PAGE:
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NCAA scheduled for difficult December court match-up

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It’s going to be a tough neutral court challenge for Emmert’s crew

Northwestern v Vanderbilt Photo by Christian Petersen/Getty Images

While college basketball fans gear up for this weekend’s Final Four in San Antonio, some potentially big off-court news dropped on Wednesday. The NCAA will be in court next December as part of a case challenging the limits placed on compensation received by college athletes.

U.S. District Court Judge Claudia Wilken set the court date which will require the NCAA to defend their restrictions on athletes being able to receive only scholarships and the cost of attendance stipend. While the case is limited to football, men’s and women’s basketball athletes at FBS schools, the potential outcome could change college sports as we know it. Wilken is the same Judge who oversaw the Ed O’Bannon trial and her presence makes the plantiff’s lawyers feel good about their chances.

“We’d call this ruling a home run,” said Steve Berman, one of the lead plaintiffs’ attorneys. “We couldn’t have plotted it out better for us, frankly. … I absolutely think we are going to win this trial.”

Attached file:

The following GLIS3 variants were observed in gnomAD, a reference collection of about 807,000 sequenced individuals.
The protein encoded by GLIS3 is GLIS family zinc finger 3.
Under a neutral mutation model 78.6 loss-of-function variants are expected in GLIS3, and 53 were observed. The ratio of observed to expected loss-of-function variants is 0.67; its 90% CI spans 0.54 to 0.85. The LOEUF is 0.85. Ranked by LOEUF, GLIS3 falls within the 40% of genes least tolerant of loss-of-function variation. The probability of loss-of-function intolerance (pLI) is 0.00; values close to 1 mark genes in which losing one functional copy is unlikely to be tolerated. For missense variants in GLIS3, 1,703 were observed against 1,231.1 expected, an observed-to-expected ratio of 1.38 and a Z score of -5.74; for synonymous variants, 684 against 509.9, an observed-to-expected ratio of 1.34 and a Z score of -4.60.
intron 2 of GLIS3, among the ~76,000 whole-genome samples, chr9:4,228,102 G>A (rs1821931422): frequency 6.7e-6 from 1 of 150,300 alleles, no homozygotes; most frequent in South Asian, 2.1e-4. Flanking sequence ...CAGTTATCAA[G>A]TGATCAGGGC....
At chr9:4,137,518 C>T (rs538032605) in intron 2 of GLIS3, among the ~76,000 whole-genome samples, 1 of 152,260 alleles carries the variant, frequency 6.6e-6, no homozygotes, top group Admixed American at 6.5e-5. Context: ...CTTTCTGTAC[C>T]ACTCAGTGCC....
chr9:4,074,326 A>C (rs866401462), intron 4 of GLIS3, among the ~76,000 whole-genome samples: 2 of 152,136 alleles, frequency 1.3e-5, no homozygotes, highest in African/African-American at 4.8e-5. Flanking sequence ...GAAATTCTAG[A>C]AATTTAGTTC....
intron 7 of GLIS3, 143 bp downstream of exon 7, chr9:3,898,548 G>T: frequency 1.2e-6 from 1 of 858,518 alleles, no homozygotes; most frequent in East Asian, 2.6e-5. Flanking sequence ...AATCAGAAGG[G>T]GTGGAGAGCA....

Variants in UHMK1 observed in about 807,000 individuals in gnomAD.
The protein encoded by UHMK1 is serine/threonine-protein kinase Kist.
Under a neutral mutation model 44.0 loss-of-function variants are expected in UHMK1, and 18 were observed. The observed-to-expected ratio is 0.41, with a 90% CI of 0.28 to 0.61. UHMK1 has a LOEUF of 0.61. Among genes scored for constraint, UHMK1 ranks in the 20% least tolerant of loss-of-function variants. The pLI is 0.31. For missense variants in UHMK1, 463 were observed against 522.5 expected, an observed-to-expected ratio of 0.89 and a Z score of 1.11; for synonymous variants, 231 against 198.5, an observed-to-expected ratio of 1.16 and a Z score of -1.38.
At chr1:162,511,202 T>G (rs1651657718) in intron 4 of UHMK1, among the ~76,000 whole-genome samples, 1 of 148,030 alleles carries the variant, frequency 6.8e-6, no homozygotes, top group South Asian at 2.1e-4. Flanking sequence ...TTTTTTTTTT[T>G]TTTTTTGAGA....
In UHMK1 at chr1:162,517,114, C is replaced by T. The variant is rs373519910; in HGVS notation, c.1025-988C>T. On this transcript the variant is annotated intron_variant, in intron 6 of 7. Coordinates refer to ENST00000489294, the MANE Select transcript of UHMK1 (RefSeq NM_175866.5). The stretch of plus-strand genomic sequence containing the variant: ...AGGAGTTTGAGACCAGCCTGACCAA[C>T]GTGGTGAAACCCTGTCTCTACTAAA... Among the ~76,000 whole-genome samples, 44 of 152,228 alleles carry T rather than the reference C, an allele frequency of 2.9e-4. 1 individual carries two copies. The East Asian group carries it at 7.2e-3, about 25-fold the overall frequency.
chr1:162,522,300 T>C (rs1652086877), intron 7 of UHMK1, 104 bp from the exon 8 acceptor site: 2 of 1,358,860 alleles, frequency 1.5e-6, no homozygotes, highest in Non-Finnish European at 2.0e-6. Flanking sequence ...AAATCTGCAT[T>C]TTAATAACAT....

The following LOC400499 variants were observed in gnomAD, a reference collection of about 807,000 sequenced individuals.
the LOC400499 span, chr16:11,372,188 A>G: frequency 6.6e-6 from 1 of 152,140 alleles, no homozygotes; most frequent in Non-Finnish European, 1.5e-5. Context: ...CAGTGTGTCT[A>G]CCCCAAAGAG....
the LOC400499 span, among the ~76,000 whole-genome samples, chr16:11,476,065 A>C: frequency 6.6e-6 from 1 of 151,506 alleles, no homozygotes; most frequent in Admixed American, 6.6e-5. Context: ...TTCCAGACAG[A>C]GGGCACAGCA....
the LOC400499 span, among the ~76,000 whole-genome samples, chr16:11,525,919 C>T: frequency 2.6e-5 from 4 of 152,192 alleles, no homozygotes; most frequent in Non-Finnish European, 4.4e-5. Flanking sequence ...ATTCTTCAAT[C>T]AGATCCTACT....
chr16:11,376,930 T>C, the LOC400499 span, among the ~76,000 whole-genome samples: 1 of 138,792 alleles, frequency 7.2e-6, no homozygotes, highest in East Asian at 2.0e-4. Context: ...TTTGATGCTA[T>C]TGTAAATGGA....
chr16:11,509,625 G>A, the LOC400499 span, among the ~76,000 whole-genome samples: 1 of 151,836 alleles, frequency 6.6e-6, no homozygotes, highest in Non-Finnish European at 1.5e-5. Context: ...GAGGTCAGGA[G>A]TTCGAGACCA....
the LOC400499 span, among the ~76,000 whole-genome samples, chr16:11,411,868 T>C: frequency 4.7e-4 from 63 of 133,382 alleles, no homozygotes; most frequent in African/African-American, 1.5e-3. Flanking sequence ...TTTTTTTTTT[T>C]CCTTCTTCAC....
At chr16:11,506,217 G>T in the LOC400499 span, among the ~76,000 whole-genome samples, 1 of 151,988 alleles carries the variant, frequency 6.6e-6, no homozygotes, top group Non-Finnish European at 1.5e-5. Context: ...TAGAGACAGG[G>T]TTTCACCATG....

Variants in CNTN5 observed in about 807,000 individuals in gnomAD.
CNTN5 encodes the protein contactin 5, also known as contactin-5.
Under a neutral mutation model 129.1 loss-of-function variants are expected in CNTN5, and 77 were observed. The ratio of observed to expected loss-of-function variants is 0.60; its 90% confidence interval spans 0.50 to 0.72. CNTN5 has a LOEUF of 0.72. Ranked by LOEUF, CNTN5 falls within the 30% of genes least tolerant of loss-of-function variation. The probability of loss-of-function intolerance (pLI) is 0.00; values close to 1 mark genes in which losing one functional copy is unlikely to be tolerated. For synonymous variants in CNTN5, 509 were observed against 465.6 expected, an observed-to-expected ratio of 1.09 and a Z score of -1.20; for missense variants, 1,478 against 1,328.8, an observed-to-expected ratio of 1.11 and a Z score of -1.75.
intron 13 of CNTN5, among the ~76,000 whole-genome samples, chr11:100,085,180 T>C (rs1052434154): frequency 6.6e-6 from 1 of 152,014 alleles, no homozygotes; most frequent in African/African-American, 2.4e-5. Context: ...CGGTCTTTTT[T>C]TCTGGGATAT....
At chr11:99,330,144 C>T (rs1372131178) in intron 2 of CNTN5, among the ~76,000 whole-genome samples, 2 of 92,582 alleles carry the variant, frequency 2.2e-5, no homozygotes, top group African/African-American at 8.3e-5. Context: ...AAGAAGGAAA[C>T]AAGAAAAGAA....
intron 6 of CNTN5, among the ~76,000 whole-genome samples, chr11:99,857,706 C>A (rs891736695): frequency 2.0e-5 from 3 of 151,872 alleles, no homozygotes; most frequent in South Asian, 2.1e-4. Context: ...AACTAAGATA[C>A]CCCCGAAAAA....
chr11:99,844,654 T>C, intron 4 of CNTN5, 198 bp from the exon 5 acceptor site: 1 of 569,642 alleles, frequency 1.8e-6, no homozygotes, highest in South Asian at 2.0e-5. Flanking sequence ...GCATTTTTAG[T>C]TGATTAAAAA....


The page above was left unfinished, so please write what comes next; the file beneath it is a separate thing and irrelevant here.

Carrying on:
Syracuse Orange fans won’t be disappointed if the NCAA loses a case, even if Athletic Director John Wildhack has concerns about the impact of increased compensation. Wildhack’s concerns are certainly valid for a private institution looking to compete against public schools with much larger student and alumni bases, but his latest comments also suggest a willingness to consider allowances for athletes to profit from use of their likeness.

It’s way too soon to suggest that NCAA athletics will become purely pay for play, but pay attention to this court case because it might lead to more significant changes in terms of how student athletes can benefit during their collegiate careers.

If changes do occur then some Syracuse athletes might find at least one willing business partner in the future...